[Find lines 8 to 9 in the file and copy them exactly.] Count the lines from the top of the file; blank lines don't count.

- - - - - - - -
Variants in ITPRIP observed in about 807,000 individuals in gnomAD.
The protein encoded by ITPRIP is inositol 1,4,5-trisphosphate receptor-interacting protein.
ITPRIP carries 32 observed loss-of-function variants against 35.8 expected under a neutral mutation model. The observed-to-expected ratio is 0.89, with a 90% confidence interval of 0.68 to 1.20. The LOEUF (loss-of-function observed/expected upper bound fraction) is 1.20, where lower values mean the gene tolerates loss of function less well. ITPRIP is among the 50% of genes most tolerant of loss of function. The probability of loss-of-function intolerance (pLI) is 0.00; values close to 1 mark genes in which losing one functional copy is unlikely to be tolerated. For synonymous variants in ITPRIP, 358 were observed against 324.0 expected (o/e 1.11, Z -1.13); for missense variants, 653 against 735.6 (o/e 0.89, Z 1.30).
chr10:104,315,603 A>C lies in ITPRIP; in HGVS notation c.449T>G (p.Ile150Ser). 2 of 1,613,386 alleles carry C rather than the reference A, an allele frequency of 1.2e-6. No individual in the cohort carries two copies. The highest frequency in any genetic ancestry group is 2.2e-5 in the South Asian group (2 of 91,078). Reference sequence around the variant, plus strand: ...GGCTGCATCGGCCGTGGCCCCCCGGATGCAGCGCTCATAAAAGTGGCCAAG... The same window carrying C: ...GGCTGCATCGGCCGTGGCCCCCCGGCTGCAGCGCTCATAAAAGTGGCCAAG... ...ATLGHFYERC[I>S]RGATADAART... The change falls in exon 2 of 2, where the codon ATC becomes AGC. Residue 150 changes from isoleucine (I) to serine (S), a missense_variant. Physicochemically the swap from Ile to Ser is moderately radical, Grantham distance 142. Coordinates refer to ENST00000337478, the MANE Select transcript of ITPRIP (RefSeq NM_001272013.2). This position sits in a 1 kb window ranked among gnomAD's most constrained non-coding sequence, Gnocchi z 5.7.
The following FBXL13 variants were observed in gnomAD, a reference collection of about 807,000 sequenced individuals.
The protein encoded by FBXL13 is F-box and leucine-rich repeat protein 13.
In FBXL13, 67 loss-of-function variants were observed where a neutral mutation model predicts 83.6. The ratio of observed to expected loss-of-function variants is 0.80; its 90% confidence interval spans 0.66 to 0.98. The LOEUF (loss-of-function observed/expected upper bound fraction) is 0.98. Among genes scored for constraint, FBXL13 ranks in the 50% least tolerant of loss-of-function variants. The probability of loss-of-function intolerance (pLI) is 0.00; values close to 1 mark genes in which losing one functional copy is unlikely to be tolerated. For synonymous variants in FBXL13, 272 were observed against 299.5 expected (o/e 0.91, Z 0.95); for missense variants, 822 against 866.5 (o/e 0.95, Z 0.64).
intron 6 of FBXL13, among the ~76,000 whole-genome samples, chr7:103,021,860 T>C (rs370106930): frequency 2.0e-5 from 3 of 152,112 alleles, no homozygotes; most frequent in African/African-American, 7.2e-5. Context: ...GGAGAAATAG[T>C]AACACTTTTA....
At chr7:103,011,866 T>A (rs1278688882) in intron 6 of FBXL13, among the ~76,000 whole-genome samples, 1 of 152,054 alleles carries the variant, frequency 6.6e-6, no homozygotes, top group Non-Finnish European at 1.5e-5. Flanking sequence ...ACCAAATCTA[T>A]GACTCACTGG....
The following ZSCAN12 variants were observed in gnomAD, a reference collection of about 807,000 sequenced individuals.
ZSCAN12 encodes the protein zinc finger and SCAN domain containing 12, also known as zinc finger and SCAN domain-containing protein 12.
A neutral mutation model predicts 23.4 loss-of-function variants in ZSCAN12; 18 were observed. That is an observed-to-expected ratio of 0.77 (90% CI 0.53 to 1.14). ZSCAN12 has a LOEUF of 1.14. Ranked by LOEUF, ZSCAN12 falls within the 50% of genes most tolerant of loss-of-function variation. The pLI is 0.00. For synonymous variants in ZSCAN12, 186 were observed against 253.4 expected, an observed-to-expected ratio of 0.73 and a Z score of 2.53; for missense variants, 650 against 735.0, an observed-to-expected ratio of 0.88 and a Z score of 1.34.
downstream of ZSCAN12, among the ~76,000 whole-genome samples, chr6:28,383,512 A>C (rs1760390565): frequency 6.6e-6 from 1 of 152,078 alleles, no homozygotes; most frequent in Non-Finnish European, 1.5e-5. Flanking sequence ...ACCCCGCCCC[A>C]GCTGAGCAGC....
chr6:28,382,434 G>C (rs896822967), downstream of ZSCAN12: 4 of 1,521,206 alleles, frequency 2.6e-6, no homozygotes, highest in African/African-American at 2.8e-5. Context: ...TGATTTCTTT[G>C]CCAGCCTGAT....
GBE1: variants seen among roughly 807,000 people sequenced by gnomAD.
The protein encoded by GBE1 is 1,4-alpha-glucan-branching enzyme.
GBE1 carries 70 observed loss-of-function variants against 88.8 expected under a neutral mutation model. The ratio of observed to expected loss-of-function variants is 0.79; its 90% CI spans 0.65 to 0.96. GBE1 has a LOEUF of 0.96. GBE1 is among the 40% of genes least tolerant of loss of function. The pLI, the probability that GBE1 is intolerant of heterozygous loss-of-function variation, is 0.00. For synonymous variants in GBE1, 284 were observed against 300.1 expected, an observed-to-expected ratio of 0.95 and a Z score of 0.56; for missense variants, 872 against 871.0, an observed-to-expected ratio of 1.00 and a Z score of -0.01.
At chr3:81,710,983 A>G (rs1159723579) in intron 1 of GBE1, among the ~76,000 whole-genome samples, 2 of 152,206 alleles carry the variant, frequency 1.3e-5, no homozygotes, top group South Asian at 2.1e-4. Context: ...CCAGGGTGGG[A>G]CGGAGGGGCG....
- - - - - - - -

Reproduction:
intron 6 of FBXL13, among the ~76,000 whole-genome samples, chr7:103,021,860 T>C (rs370106930): frequency 2.0e-5 from 3 of 152,112 alleles, no homozygotes; most frequent in African/African-American, 7.2e-5. Context: ...GGAGAAATAG[T>C]AACACTTTTA....
At chr7:103,011,866 T>A (rs1278688882) in intron 6 of FBXL13, among the ~76,000 whole-genome samples, 1 of 152,054 alleles carries the variant, frequency 6.6e-6, no homozygotes, top group Non-Finnish European at 1.5e-5. Flanking sequence ...ACCAAATCTA[T>A]GACTCACTGG....